Today we interview Cody Cobb about his two main passions: trekking and photography.
Your pictures are portraits of the earth’s landscapes. When did you first start taking this kind of pictures and why were you drawn to them?
The lack of interesting abandoned buildings in Seattle motivated me to start spending more time in nature. I was really excited to experience the dramatic scale of mountains and old-growth forests. The fresh air was also a nice change from asbestos and mildew. Initially, I struggled to capture anything that represented what I was experiencing. Immediately reviewing, criticizing and deleting a photo was frustrating so I stopped bringing along camera gear. Without being weighed down by equipment and the preoccupation of making an image, I was able to move more freely.
It wasn’t until I started spending days and eventually weeks at a time in the wilderness that I was comfortable enough to bring a small point and shoot camera. With this, I could capture my observations without completely interrupting the experience.
Then, is trekking and climbing your real passion? What do you love about doing this?
Spending time in nature is more important to me than photography. The single-minded focus on simple tasks like following a route, finding water, gathering wood and setting up camp is therapeutic.
More than anything, I love being overwhelmed by the vastness of space while alone in the mountains on a clear night.
What do you feel when you walk in silence? Is it a kind of meditation for you ?
It always takes me a few days to feel fully immersed as my inward observations shift outwards. Anxiety still exists, but it feels a bit easier to confront. Maybe it’s because the stressors are obvious. I’m very aware that nature is unforgiving and uncontrollable, so I mitigate the risks or address them immediately. The anxiety in my city life seems so abstract and petty in comparison, yet it can persist and feel so much harder to resolve.
Can you tell me the essential equipment you usually take with you on your trips?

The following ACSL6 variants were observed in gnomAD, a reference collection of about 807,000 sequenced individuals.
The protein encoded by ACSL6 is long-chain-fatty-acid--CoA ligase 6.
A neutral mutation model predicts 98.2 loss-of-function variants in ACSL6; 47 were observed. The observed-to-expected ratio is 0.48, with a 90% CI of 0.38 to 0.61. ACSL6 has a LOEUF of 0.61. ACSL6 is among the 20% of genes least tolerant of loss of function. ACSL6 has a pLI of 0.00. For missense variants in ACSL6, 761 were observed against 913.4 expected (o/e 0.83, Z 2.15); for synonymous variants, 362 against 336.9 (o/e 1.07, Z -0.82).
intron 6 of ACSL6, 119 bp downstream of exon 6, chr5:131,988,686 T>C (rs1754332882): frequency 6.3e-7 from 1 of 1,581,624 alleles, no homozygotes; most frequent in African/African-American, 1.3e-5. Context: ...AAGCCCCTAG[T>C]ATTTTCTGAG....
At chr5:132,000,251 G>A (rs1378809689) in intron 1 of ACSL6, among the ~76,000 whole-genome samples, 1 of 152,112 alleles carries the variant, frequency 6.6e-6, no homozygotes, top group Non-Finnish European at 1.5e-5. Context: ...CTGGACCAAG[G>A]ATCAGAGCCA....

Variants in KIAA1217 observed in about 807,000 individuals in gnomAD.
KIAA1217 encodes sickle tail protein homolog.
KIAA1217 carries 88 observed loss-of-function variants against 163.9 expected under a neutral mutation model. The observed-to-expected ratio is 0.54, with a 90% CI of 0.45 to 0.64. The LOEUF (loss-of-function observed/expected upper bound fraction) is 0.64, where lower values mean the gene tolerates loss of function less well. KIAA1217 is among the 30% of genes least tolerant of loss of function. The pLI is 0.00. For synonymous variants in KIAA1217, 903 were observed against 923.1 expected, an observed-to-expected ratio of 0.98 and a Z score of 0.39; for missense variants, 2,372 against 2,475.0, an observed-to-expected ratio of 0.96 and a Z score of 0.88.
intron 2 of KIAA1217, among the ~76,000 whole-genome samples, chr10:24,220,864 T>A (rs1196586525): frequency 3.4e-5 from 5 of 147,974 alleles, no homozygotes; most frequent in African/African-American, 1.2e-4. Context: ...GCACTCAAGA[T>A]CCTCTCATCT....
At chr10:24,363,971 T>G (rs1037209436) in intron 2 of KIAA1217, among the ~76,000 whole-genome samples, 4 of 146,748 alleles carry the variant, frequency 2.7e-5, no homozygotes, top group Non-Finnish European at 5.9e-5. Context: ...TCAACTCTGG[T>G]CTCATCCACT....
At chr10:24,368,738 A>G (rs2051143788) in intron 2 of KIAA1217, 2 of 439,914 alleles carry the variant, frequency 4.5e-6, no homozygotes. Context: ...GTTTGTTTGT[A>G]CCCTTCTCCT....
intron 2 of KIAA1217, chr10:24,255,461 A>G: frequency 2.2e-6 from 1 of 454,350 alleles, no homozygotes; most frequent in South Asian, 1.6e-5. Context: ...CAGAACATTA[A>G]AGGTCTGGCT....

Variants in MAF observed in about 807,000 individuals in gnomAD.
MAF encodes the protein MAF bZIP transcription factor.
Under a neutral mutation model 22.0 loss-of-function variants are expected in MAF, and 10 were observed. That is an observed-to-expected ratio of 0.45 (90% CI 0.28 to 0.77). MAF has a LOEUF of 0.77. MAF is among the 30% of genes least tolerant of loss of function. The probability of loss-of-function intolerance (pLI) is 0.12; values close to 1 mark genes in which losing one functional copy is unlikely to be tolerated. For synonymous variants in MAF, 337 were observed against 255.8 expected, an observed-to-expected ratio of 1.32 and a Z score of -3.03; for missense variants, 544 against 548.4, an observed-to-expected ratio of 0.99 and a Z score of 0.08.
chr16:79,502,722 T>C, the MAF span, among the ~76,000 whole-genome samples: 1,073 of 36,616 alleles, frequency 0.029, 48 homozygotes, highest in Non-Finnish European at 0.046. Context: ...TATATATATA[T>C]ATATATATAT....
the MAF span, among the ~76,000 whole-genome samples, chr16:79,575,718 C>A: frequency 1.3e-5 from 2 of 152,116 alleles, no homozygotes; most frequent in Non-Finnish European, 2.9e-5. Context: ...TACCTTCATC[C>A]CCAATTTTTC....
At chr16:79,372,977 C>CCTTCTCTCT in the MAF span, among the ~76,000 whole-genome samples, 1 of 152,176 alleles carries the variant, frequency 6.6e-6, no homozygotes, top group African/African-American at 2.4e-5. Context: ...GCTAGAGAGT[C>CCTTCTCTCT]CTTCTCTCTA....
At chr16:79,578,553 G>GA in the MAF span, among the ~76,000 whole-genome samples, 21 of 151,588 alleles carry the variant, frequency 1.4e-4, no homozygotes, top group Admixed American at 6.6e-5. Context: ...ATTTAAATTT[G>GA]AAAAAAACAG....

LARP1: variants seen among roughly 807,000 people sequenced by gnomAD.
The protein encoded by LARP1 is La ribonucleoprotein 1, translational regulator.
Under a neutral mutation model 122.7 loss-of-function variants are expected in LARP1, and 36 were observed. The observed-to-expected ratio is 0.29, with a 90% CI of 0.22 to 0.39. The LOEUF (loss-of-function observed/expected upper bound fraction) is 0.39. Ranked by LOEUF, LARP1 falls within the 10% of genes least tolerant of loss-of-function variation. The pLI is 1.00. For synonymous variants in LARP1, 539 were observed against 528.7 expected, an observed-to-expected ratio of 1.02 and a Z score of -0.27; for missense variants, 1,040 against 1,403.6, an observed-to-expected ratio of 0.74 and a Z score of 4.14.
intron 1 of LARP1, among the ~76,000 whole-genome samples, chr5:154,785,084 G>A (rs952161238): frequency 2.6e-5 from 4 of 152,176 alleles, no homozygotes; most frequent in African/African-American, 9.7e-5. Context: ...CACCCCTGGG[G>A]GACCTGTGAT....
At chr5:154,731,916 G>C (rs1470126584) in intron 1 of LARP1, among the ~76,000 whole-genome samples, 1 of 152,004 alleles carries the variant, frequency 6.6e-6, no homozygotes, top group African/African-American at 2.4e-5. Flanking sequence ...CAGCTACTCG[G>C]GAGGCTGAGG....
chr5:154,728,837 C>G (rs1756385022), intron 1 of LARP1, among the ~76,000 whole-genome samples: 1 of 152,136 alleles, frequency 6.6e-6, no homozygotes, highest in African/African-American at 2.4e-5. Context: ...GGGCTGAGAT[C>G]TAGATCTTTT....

A map and compass, sun protection, insulation, illumination, first-aid, fire starter, nutrition, hydration, shelter. I also love the compact and weatherproof Yashica T4 for longer hikes. I also carry the heavier Voigtländer Bessa III on shorter treks.
Do you normally go on your trips by yourself or with people? Your pictures seem always so solitary…
Alone, mostly. I have a two very close friends whom I trust on more involved trips but they aren’t always able to join me. I would always hike with them if I could and would probably have less solitary photos as a result. It’s hard to convey the enormous scale of some landscapes without a human in the frame for reference.
What kind of landscapes do you like most, photography-wise?
I’m most drawn to landscapes featuring unique geomorphology. Volcanic landscapes are probably my favorite. The Cascade Range east of Seattle has ten volcanic formations and five of those are still active. Some of the most surreal places I’ve ever been are the pumice fields of Mount Adams and St. Helens.
And for trekking?
Dark, mossy forests in ancient valleys. I’m also strangely obsessed with following rivers to their sources.
Can you tell us which has been your most exciting trek so far?
I spent a month trekking in the Sierra Nevada range in California. Parts of it were completely off-trail, traversing endless fields of shattered granite at high elevations. It was beautifully stark, alien and inhospitable. It’s also the most alone I’ve ever felt.
Is there any place that was insurmountable?
My most memorable failure was an attempt to follow the Kalalau Stream back to the base of the valley’s headwall (22° 9.191′, -159° 37.723′). On paper, it was only 3 miles but the terrain was so rough and the vegetation was impossibly dense. I gave up after many hours of slogging and hauling myself up the sides of waterfalls using fixed (and rotting) ropes. There were rumors of a hermit who was living at the deepest part of the valley and it became my goal to find him. Sadly, I couldn’t even find evidence of his campsite. Maybe it’s best that his existence remains a complete mystery to me.
Any future destination you are longing a trip to?
I would really love to see the McMurdo Dry Valleys of Antarctica. It’s considered one of the world’s most extreme deserts. That doesn’t seem very realistic for me right now but my list of destinations in the American West is almost dauntingly long at this point. The next trek I’m planning is the Escalante Route in the Grand Canyon. I’m hoping to head down there in April.
Do you think that your pictures manage to capture the essence of the places you’ve been?
My photos are very personal interpretations of how I remember the places feeling. I’m always really curious as to what my photography communicates to others without my own personal context.
The majority of my photos attempt to show a landscape as it could have existed millions of years ago. The rest feature the awkward objects humans have inserted into them.
If you weren’t taking pictures of landscapes, would you still be a photographer?
Sure, photography is one of the more effective forms of self-expression for me. My chosen subject matter is just a reflection of whatever I’m interested in at the moment. I expect it to change at some point, so who knows what I’ll be photographing then.